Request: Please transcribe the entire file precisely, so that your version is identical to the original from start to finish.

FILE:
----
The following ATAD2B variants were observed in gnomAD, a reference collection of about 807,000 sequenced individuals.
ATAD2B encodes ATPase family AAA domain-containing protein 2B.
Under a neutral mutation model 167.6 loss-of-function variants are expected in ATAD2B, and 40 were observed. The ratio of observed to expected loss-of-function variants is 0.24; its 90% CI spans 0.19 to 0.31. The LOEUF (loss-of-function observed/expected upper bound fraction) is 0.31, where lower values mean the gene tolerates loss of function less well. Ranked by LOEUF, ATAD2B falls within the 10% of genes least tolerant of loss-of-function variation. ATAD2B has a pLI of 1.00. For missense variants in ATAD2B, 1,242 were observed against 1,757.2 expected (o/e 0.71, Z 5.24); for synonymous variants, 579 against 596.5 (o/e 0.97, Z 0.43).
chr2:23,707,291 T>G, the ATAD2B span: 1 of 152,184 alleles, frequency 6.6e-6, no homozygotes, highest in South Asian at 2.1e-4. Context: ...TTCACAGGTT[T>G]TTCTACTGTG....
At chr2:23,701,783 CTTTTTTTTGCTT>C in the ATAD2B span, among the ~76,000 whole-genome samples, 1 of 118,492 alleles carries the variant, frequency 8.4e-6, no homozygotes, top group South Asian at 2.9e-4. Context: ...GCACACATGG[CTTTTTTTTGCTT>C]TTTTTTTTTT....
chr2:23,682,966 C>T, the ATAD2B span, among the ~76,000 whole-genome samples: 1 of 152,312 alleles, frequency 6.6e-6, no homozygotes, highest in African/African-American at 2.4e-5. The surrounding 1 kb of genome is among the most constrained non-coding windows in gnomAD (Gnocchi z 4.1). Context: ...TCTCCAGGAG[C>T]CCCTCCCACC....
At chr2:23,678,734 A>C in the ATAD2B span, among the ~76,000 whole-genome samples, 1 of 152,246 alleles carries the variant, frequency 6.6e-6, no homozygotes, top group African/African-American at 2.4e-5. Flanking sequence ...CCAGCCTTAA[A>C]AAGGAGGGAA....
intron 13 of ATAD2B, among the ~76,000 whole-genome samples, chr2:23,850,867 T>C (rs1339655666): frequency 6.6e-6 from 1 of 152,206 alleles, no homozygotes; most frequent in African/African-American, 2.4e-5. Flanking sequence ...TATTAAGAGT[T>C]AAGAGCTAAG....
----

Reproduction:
The following ATAD2B variants were observed in gnomAD, a reference collection of about 807,000 sequenced individuals.
ATAD2B encodes ATPase family AAA domain-containing protein 2B.
Under a neutral mutation model 167.6 loss-of-function variants are expected in ATAD2B, and 40 were observed. The ratio of observed to expected loss-of-function variants is 0.24; its 90% CI spans 0.19 to 0.31. The LOEUF (loss-of-function observed/expected upper bound fraction) is 0.31, where lower values mean the gene tolerates loss of function less well. Ranked by LOEUF, ATAD2B falls within the 10% of genes least tolerant of loss-of-function variation. ATAD2B has a pLI of 1.00. For missense variants in ATAD2B, 1,242 were observed against 1,757.2 expected (o/e 0.71, Z 5.24); for synonymous variants, 579 against 596.5 (o/e 0.97, Z 0.43).
chr2:23,707,291 T>G, the ATAD2B span: 1 of 152,184 alleles, frequency 6.6e-6, no homozygotes, highest in South Asian at 2.1e-4. Context: ...TTCACAGGTT[T>G]TTCTACTGTG....
At chr2:23,701,783 CTTTTTTTTGCTT>C in the ATAD2B span, among the ~76,000 whole-genome samples, 1 of 118,492 alleles carries the variant, frequency 8.4e-6, no homozygotes, top group South Asian at 2.9e-4. Context: ...GCACACATGG[CTTTTTTTTGCTT>C]TTTTTTTTTT....
chr2:23,682,966 C>T, the ATAD2B span, among the ~76,000 whole-genome samples: 1 of 152,312 alleles, frequency 6.6e-6, no homozygotes, highest in African/African-American at 2.4e-5. The surrounding 1 kb of genome is among the most constrained non-coding windows in gnomAD (Gnocchi z 4.1). Context: ...TCTCCAGGAG[C>T]CCCTCCCACC....
At chr2:23,678,734 A>C in the ATAD2B span, among the ~76,000 whole-genome samples, 1 of 152,246 alleles carries the variant, frequency 6.6e-6, no homozygotes, top group African/African-American at 2.4e-5. Flanking sequence ...CCAGCCTTAA[A>C]AAGGAGGGAA....
intron 13 of ATAD2B, among the ~76,000 whole-genome samples, chr2:23,850,867 T>C (rs1339655666): frequency 6.6e-6 from 1 of 152,206 alleles, no homozygotes; most frequent in African/African-American, 2.4e-5. Flanking sequence ...TATTAAGAGT[T>C]AAGAGCTAAG....